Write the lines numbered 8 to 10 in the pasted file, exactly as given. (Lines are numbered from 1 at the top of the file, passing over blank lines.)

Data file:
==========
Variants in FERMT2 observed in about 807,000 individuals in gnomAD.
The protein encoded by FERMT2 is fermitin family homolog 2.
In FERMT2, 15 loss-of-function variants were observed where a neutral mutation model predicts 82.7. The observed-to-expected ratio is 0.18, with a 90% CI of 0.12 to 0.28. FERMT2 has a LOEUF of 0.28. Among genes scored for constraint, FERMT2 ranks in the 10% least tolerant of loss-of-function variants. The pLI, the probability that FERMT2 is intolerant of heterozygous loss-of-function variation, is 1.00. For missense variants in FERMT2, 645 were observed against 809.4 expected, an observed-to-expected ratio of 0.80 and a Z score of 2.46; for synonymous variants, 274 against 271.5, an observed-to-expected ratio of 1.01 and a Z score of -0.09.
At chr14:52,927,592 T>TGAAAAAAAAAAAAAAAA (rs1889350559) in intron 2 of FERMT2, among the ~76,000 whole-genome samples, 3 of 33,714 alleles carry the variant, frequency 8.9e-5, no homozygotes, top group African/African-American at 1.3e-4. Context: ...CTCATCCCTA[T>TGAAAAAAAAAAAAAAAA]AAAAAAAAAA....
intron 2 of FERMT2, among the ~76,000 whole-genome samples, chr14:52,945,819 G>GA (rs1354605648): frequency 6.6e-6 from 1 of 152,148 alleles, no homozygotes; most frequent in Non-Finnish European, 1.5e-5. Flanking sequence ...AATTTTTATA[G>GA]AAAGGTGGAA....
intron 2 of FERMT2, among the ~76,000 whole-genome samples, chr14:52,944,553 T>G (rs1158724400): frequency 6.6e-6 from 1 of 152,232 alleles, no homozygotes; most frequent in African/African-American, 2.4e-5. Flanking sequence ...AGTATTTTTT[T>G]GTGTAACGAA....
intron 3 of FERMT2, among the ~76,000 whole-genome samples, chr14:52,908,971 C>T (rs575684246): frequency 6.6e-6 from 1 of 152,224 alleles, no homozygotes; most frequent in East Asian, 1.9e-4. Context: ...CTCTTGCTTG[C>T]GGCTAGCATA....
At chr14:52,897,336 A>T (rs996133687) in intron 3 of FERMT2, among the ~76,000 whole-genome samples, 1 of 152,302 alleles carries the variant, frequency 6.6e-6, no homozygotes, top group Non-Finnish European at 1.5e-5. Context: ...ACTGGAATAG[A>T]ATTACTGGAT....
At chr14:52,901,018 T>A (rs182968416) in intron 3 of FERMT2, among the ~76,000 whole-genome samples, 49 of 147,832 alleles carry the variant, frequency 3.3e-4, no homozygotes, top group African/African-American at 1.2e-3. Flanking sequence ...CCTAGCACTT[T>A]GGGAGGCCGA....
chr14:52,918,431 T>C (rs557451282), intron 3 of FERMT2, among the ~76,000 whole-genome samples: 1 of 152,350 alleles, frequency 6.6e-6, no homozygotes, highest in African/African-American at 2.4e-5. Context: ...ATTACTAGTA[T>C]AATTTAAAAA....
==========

At chr14:52,897,336 A>T (rs996133687) in intron 3 of FERMT2, among the ~76,000 whole-genome samples, 1 of 152,302 alleles carries the variant, frequency 6.6e-6, no homozygotes, top group Non-Finnish European at 1.5e-5. Context: ...ACTGGAATAG[A>T]ATTACTGGAT....
At chr14:52,901,018 T>A (rs182968416) in intron 3 of FERMT2, among the ~76,000 whole-genome samples, 49 of 147,832 alleles carry the variant, frequency 3.3e-4, no homozygotes, top group African/African-American at 1.2e-3. Flanking sequence ...CCTAGCACTT[T>A]GGGAGGCCGA....
chr14:52,918,431 T>C (rs557451282), intron 3 of FERMT2, among the ~76,000 whole-genome samples: 1 of 152,350 alleles, frequency 6.6e-6, no homozygotes, highest in African/African-American at 2.4e-5. Context: ...ATTACTAGTA[T>C]AATTTAAAAA....